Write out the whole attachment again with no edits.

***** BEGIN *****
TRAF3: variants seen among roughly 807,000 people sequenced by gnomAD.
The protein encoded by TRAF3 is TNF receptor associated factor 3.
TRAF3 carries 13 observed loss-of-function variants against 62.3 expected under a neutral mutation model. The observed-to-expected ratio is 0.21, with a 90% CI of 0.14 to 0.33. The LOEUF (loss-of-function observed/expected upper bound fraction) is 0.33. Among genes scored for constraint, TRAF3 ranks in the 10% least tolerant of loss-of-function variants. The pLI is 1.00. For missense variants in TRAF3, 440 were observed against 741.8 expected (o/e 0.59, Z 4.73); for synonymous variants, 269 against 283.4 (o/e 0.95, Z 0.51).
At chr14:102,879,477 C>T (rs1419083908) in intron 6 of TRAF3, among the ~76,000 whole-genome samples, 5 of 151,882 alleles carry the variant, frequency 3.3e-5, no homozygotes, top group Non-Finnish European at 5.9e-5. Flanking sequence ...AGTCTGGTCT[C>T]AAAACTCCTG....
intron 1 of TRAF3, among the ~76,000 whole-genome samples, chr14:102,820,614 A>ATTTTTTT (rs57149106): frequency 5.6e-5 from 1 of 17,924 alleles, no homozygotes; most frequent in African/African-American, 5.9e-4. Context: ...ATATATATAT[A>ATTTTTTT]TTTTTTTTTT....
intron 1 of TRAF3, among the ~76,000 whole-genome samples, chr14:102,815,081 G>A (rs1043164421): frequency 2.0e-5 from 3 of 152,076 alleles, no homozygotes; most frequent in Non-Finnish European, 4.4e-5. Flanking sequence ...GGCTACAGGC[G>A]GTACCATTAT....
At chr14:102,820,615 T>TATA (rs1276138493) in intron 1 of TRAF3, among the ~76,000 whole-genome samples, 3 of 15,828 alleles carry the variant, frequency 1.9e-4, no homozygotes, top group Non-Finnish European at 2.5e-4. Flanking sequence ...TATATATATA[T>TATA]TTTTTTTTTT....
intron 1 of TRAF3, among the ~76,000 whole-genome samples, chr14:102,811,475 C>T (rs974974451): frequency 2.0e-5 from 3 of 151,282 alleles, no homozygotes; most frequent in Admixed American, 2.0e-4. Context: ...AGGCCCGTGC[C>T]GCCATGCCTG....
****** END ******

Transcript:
TRAF3: variants seen among roughly 807,000 people sequenced by gnomAD.
The protein encoded by TRAF3 is TNF receptor associated factor 3.
TRAF3 carries 13 observed loss-of-function variants against 62.3 expected under a neutral mutation model. The observed-to-expected ratio is 0.21, with a 90% CI of 0.14 to 0.33. The LOEUF (loss-of-function observed/expected upper bound fraction) is 0.33. Among genes scored for constraint, TRAF3 ranks in the 10% least tolerant of loss-of-function variants. The pLI is 1.00. For missense variants in TRAF3, 440 were observed against 741.8 expected (o/e 0.59, Z 4.73); for synonymous variants, 269 against 283.4 (o/e 0.95, Z 0.51).
At chr14:102,879,477 C>T (rs1419083908) in intron 6 of TRAF3, among the ~76,000 whole-genome samples, 5 of 151,882 alleles carry the variant, frequency 3.3e-5, no homozygotes, top group Non-Finnish European at 5.9e-5. Flanking sequence ...AGTCTGGTCT[C>T]AAAACTCCTG....
intron 1 of TRAF3, among the ~76,000 whole-genome samples, chr14:102,820,614 A>ATTTTTTT (rs57149106): frequency 5.6e-5 from 1 of 17,924 alleles, no homozygotes; most frequent in African/African-American, 5.9e-4. Context: ...ATATATATAT[A>ATTTTTTT]TTTTTTTTTT....
intron 1 of TRAF3, among the ~76,000 whole-genome samples, chr14:102,815,081 G>A (rs1043164421): frequency 2.0e-5 from 3 of 152,076 alleles, no homozygotes; most frequent in Non-Finnish European, 4.4e-5. Flanking sequence ...GGCTACAGGC[G>A]GTACCATTAT....
At chr14:102,820,615 T>TATA (rs1276138493) in intron 1 of TRAF3, among the ~76,000 whole-genome samples, 3 of 15,828 alleles carry the variant, frequency 1.9e-4, no homozygotes, top group Non-Finnish European at 2.5e-4. Flanking sequence ...TATATATATA[T>TATA]TTTTTTTTTT....
intron 1 of TRAF3, among the ~76,000 whole-genome samples, chr14:102,811,475 C>T (rs974974451): frequency 2.0e-5 from 3 of 151,282 alleles, no homozygotes; most frequent in Admixed American, 2.0e-4. Context: ...AGGCCCGTGC[C>T]GCCATGCCTG....